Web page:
Men may dominate the airtime and screen time in most media outlets during this pandemic, but it is actually the women who are at the forefront of COVID-19 response in the community level.
Most of those considered “essential workers” who are forced to work outside their homes while on community quarantine — grocery clerks, food service crew, pharmacy workers, caregivers, and healthcare workers — are women.
The World Economic Forum noted that women comprise majority of frontline healthcare workers globally, and that “female representation is vital in tackling the coronavirus crisis.”
It added that at least 70 percent of the world’s healthcare staff are made up of women, but only 25 percent of global leaders are female.
And yet the countries recognized as having the best coronavirus responses have one thing in common — they are all led by women. Germany, New Zealand, Iceland, Finland, Norway, Denmark, and Taiwan have been cited as “managing the crisis better” compared to other
Philippine President Rodrigo R. Duterte has been criticized, along with US President Donald Trump and UK Prime Minister Boris Johnson, for framing the pandemic as a “war” and treating an invisible virus as an “enemy” that must be crushed.
This is probably why President Duterte appointed all men, and mostly generals, in the task force he created to respond to the pandemic in the country. Because wars are generally viewed as the area of men.
Meanwhile, President Duterte’s daughter, Davao City Mayor Sara Z. Duterte is leading her community differently. Mayor Inday, as she is fondly called by Davaoeños, set an example by self-isolating immediately after returning from her trip to Metro Manila and just recently committed to donate her entire one year salary to help the city’s healthcare workers who got infected by coronavirus. She also put Davao City on community quarantine even before there were confirmed cases of COVID-19 in the city as a preemptive measure. The directives given to government workers, local law enforcement units, and civil society are clear and transparent and communicated to the public in a timely manner. Every citizen is encouraged to do his or her part to help one another.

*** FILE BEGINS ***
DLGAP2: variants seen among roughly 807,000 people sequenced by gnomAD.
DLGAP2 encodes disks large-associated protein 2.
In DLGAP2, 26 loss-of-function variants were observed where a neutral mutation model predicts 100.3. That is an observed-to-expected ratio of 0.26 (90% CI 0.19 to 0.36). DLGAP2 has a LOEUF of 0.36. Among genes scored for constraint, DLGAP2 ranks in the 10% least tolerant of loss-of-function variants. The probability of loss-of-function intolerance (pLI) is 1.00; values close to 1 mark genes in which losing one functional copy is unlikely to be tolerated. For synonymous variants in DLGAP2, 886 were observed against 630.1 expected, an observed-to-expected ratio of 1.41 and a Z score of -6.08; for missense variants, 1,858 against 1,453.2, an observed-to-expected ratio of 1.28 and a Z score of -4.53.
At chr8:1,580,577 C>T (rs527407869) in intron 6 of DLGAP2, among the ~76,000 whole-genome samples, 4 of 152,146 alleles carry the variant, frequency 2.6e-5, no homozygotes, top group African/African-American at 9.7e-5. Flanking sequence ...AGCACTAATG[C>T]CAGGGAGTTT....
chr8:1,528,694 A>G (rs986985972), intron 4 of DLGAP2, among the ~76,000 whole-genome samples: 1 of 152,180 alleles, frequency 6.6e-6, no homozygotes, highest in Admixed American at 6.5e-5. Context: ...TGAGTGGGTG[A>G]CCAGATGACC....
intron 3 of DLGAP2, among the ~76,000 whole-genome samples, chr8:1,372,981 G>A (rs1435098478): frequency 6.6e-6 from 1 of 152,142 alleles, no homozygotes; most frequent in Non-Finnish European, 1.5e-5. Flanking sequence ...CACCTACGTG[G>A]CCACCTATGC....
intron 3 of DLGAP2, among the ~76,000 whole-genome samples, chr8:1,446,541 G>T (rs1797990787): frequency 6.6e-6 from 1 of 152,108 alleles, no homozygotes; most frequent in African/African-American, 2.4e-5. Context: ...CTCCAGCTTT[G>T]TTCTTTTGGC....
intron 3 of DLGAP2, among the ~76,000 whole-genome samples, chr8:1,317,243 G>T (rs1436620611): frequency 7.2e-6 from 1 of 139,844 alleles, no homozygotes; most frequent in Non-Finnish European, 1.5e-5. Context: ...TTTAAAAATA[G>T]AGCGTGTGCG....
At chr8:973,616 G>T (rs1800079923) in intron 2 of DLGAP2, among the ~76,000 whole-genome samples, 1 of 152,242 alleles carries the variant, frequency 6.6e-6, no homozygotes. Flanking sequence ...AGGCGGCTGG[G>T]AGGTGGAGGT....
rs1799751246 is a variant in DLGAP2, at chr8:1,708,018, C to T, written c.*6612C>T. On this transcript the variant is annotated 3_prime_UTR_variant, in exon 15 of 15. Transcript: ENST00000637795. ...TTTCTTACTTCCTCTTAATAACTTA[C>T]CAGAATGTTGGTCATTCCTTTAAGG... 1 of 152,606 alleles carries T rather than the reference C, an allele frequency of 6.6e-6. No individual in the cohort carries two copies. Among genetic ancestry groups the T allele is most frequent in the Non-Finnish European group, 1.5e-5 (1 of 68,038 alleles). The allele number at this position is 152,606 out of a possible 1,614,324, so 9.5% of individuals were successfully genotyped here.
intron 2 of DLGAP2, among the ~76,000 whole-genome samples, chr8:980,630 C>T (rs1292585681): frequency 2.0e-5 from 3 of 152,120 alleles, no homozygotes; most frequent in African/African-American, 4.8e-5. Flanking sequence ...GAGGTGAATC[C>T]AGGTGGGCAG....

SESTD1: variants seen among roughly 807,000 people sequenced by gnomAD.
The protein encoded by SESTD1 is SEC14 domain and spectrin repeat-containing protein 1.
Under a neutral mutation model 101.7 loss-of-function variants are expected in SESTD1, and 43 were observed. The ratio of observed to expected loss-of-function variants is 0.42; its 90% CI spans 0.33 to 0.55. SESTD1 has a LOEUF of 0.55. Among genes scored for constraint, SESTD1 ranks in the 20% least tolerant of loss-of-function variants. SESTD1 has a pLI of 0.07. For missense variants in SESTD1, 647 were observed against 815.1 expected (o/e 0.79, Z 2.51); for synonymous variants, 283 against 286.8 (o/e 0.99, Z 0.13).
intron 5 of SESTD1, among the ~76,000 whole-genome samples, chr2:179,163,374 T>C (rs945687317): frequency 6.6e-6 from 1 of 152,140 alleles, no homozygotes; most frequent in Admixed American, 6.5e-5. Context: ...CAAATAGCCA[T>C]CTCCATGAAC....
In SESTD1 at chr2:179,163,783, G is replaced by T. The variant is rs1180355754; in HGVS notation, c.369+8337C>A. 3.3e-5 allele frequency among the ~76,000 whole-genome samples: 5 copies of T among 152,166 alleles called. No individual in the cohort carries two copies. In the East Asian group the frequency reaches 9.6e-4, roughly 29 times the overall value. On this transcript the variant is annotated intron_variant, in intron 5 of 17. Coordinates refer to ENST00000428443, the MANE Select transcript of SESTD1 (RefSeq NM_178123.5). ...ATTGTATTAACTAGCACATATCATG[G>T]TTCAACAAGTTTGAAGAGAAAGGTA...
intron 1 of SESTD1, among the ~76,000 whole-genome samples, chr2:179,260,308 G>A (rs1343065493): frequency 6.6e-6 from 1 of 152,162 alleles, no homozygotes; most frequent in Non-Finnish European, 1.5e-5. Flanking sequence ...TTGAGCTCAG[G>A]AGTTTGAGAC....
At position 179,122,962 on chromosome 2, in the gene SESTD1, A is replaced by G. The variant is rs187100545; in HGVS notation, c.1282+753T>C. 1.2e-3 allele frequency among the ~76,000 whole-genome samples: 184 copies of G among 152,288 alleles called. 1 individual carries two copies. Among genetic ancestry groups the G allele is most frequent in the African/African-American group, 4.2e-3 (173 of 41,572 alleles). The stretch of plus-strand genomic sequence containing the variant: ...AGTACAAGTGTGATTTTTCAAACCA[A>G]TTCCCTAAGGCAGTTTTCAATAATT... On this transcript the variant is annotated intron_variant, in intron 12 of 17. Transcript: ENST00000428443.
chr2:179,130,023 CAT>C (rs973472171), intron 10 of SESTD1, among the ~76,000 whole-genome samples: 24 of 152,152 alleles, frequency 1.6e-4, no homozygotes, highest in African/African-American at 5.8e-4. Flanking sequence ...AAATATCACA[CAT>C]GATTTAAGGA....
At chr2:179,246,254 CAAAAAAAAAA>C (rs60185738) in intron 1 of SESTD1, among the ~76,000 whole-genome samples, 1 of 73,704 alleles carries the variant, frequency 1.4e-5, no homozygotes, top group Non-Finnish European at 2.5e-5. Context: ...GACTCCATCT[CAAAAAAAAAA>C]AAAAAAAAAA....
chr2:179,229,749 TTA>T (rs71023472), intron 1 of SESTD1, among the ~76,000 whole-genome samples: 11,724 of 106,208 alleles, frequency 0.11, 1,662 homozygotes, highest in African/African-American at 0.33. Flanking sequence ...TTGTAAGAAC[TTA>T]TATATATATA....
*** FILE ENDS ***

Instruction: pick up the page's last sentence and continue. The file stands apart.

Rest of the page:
When Araw ng Davao events in March were cancelled to stop mass gatherings, there were no complaints heard. Everyone (except probably those who continued with the cockfight derby) understood that public health is more important than prospective income generated from the
The city’s 911 integrated emergency response system is also now being used for telemedicine where people can connect to doctors for free consultation and get online prescriptions for medicine that will be accepted by pharmacies. It is only in Davao where such system is in
Yes, in Davao City, used to be known as the “killing fields of Asia” just a few decades ago, it is clear that this is not a war. This is a public health crisis that affects everyone and needs a coordinated collective response.
And all Davao residents are called to showcase the best of the Davaoeño spirit — pioneering, innovative, creative, collaborative, disciplined, and concerned.
So instead of waiting for supplies of personal protective equipment (PPE) coming from Metro Manila (where most supplies are centralized), Davaoeños just made the PPE themselves with available materials here in the city and delivered them to those in need.
Among the notable efforts in the city is that of women Rotarians from the Rotary Club of Downtown Davao (RCDD) led by its current President, Dr. Ethel Chavez-Caceres, and by its President-Elect Myla Cocon-Agustin.
Doc Ethel, who is a dentist by profession, calls her Rotary sisters “WOW,” short for “Women of Worth,” as they pooled all their savings from not having to attend their weekly Rotary meetings during community quarantine to fund the production of improvised PPE for healthcare workers at Southern Philippines Medical Center (SPMC), the only hospital in the city tasked to handle COVID-19 cases.